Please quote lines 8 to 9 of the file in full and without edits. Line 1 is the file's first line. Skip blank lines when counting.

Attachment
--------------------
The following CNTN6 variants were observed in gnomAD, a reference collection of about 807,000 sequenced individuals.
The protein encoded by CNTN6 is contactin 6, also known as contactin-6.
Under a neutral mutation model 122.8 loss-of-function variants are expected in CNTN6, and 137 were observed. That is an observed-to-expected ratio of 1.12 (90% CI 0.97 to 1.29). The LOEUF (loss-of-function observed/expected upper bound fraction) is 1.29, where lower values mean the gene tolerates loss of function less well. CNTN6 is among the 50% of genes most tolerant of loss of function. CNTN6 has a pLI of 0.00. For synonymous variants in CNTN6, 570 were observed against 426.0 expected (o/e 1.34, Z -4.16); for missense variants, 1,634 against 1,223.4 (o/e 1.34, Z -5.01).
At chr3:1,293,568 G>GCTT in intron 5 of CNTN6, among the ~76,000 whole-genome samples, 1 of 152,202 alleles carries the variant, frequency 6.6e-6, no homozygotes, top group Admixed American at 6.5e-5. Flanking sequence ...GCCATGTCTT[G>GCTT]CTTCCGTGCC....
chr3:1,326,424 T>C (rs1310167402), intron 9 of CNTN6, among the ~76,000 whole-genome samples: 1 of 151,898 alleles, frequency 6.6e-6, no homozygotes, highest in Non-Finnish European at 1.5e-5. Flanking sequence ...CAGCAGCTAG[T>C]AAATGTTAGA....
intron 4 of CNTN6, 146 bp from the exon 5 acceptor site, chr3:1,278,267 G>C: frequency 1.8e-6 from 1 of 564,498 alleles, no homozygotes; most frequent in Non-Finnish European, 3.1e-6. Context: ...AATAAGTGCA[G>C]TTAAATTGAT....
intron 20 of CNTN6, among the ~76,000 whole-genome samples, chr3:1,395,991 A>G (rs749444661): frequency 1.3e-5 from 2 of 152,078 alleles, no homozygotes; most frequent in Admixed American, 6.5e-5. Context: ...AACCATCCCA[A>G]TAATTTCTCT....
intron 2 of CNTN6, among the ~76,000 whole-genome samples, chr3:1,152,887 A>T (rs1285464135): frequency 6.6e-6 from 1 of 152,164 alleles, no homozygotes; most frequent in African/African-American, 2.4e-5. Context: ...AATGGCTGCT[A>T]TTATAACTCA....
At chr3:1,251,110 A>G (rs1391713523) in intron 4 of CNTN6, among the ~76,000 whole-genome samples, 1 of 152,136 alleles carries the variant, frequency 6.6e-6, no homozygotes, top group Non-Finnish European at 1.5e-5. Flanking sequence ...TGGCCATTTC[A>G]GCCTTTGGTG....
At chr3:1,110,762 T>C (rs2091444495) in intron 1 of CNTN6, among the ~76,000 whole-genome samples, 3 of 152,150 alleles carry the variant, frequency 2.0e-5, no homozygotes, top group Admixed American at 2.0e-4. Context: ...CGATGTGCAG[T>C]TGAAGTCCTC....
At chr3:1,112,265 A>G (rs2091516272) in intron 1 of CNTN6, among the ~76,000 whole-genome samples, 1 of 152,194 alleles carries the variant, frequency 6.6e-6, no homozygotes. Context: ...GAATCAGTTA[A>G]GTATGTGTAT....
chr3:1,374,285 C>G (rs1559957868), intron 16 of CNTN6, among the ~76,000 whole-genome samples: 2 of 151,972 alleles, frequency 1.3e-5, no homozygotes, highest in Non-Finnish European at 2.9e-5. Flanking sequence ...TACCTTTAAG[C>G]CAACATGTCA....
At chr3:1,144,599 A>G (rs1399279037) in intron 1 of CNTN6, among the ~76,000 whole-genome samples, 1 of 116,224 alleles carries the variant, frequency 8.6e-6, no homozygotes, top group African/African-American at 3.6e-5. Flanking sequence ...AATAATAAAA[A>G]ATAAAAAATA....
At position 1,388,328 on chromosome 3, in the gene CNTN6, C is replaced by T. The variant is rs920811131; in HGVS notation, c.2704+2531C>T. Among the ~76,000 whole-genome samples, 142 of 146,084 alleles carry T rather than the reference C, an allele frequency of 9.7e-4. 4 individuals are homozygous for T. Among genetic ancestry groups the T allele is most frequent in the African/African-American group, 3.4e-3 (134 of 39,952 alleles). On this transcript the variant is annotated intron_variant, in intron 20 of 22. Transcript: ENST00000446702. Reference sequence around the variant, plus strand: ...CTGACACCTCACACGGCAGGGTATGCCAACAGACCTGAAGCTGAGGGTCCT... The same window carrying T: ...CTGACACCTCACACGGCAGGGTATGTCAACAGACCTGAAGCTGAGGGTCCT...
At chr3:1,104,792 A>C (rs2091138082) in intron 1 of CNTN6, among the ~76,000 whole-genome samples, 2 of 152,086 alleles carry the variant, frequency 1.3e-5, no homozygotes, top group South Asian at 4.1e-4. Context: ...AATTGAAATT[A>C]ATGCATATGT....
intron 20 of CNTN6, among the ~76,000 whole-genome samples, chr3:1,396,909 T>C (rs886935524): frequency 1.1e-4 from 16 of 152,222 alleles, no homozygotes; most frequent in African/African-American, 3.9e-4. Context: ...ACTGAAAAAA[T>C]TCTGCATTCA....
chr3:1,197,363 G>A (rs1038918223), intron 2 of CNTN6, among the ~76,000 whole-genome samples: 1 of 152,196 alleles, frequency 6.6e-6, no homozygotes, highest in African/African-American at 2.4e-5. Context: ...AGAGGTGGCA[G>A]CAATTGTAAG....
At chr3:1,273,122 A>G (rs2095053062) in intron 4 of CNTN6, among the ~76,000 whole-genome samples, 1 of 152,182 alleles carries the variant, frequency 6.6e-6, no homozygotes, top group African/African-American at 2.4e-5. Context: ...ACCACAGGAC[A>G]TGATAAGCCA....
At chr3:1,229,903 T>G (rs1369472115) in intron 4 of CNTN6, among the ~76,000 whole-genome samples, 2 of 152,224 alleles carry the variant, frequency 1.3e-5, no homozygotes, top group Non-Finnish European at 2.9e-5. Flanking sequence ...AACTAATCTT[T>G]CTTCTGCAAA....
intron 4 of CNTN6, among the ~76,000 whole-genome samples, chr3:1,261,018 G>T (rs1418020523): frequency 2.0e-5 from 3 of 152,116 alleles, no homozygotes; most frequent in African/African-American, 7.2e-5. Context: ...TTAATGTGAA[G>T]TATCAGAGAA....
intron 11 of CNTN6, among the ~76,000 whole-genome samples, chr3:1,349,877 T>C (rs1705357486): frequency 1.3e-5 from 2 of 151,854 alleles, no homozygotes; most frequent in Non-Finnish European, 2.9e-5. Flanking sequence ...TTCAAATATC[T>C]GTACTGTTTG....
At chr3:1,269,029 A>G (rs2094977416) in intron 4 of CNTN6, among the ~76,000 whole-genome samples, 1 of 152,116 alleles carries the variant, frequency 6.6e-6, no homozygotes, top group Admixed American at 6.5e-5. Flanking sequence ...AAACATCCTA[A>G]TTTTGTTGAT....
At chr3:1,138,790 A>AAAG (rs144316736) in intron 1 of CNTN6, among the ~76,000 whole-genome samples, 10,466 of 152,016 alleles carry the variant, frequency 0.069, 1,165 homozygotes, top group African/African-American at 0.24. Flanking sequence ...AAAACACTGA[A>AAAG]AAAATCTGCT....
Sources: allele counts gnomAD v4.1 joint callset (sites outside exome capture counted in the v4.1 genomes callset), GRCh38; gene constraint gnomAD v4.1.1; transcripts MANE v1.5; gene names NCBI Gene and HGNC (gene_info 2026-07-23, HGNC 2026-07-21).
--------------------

intron 2 of CNTN6, among the ~76,000 whole-genome samples, chr3:1,152,887 A>T (rs1285464135): frequency 6.6e-6 from 1 of 152,164 alleles, no homozygotes; most frequent in African/African-American, 2.4e-5. Context: ...AATGGCTGCT[A>T]TTATAACTCA....
At chr3:1,251,110 A>G (rs1391713523) in intron 4 of CNTN6, among the ~76,000 whole-genome samples, 1 of 152,136 alleles carries the variant, frequency 6.6e-6, no homozygotes, top group Non-Finnish European at 1.5e-5. Flanking sequence ...TGGCCATTTC[A>G]GCCTTTGGTG....